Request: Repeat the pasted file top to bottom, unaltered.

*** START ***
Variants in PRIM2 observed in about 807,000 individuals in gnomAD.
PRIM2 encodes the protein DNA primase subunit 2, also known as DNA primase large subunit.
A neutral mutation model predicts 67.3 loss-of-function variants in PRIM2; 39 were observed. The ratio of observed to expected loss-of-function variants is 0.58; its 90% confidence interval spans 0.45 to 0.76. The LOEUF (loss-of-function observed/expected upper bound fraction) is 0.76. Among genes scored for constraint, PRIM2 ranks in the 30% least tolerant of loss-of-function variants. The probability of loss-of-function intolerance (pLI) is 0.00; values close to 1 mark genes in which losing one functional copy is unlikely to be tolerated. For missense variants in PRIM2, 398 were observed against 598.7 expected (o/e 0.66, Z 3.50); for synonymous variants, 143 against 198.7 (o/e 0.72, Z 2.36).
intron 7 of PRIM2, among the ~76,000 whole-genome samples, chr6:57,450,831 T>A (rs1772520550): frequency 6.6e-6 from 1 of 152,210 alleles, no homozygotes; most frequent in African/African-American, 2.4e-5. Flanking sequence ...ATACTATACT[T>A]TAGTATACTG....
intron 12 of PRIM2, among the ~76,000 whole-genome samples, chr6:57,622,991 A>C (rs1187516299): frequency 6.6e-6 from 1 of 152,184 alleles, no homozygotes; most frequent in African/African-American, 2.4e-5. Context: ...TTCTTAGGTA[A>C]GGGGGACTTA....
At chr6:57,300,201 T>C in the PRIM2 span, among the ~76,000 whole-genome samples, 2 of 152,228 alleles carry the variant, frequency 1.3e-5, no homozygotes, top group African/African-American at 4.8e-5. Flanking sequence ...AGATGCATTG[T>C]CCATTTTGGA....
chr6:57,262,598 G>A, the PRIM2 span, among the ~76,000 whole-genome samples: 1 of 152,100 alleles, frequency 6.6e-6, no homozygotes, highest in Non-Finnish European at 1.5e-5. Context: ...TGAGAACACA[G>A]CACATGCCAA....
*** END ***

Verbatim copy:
Variants in PRIM2 observed in about 807,000 individuals in gnomAD.
PRIM2 encodes the protein DNA primase subunit 2, also known as DNA primase large subunit.
A neutral mutation model predicts 67.3 loss-of-function variants in PRIM2; 39 were observed. The ratio of observed to expected loss-of-function variants is 0.58; its 90% confidence interval spans 0.45 to 0.76. The LOEUF (loss-of-function observed/expected upper bound fraction) is 0.76. Among genes scored for constraint, PRIM2 ranks in the 30% least tolerant of loss-of-function variants. The probability of loss-of-function intolerance (pLI) is 0.00; values close to 1 mark genes in which losing one functional copy is unlikely to be tolerated. For missense variants in PRIM2, 398 were observed against 598.7 expected (o/e 0.66, Z 3.50); for synonymous variants, 143 against 198.7 (o/e 0.72, Z 2.36).
intron 7 of PRIM2, among the ~76,000 whole-genome samples, chr6:57,450,831 T>A (rs1772520550): frequency 6.6e-6 from 1 of 152,210 alleles, no homozygotes; most frequent in African/African-American, 2.4e-5. Flanking sequence ...ATACTATACT[T>A]TAGTATACTG....
intron 12 of PRIM2, among the ~76,000 whole-genome samples, chr6:57,622,991 A>C (rs1187516299): frequency 6.6e-6 from 1 of 152,184 alleles, no homozygotes; most frequent in African/African-American, 2.4e-5. Context: ...TTCTTAGGTA[A>C]GGGGGACTTA....
At chr6:57,300,201 T>C in the PRIM2 span, among the ~76,000 whole-genome samples, 2 of 152,228 alleles carry the variant, frequency 1.3e-5, no homozygotes, top group African/African-American at 4.8e-5. Flanking sequence ...AGATGCATTG[T>C]CCATTTTGGA....
chr6:57,262,598 G>A, the PRIM2 span, among the ~76,000 whole-genome samples: 1 of 152,100 alleles, frequency 6.6e-6, no homozygotes, highest in Non-Finnish European at 1.5e-5. Context: ...TGAGAACACA[G>A]CACATGCCAA....